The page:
Reno-Sparks real estate market gears up for 2017
January 23, 2017
2016 was an active year for the Reno-Sparks real estate market.
Leaders from the business community gathered at the Builders Association of Northern Nevada's Forecast 2017 and Beyond event, held Jan. 17 at the Atlantis Casino Resort, to hear from some of the leading experts in commercial and residential real estate. These experts gave recaps of the 2016 market as well as their predictions heading into the new year.
The lack of inventory is one of the main challenges facing the residential market heading into 2017.
"Today we are in a seller's market," John Graham, president of the Reno/Sparks Association of Realtors, said at the meeting. "We don't see a change in that in 2017."
Median sales price increased about 9 percent in 2016. The area needs more new construction of single family homes to keep up with the demand and to alleviate the increase in prices.
"The shortage of inventory is really driving the price increases," Graham said.
However, Graham does not think that the region is in another housing bubble.
Based on pending sales, new listings, median sales, etc., "none of those things are in alignment to indicate a bubble," he said.
According to Graham, an individual earning around $55,000 can afford a house in the $230,000 range. However, homes in the $250,000 and less range are becoming harder to find. People are having to look to outlying areas such as Stead and Fernley to find single family houses in that range.
"The inventory is diminishing and moving east," Graham said.
Heading into 2017, he anticipates that interest rates will go up, the median price will continue to increase slowly and inventory will continue to be a problem for the next two to four years.
Last year was a strong year for the Reno-Sparks industrial market and that momentum is expected to continue in 2017.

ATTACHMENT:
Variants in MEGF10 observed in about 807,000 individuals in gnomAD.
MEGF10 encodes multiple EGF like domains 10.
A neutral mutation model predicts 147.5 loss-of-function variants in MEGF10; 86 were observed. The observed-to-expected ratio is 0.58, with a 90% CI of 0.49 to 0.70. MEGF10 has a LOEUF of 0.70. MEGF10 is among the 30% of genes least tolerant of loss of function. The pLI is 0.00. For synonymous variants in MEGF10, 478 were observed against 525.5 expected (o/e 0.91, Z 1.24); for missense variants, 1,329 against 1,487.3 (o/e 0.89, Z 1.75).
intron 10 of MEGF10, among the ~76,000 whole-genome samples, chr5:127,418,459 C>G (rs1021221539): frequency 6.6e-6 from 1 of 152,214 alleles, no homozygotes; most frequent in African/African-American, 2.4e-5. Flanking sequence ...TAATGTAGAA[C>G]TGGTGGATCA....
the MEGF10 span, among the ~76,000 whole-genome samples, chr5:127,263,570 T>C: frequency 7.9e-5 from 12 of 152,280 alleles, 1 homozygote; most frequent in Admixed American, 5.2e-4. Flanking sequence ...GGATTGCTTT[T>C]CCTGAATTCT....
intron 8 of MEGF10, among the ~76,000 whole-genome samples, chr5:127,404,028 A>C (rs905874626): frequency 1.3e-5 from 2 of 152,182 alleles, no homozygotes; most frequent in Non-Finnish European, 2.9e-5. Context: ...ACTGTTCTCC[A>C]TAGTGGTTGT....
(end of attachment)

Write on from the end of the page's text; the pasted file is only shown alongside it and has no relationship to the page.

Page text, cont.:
"2016 was a banner year for industrial real estate," Chris Fairchild, vice president of the industrial group at Colliers International, said.
The market experienced record setting gross and net absorption in 2016. Fairchild said that they not only saw a lot of interest from tenants and buyers but also interest from investors. Colliers reported that more than $100 million was invested in the Reno-Sparks marketplace last year.
Last year was also a strong year for construction in the industrial market with 4.9 million square feet of product added. According to Fairchild, 3 million square feet of industrial product is slated to be built in 2017.
"There is very little vacancy in all of our 2016 development and 2017 is very moderate and paced construction," he said.
He also said there was 4.6 million square feet of product purchased in 2016. Most of the sales were from outside the market.
"This speaks to us being on the map as a region for industrial real estate," Fairchild said.
For 2017, Colliers International predicts that vacancy rates will go down and that rental rates will increase.
Multifamily property is another hot commodity in the Reno-Sparks market.
The average rent for an apartment is $1,054 per month and vacancy rates are down to 2.24 percent, according to the Johnson Perkins Griffith Third Quarter Apartment Survey.
"This is an 11.8 percent growth which is an amazing year," Trevor Richardson, Dickson Commercial Group, said at the event.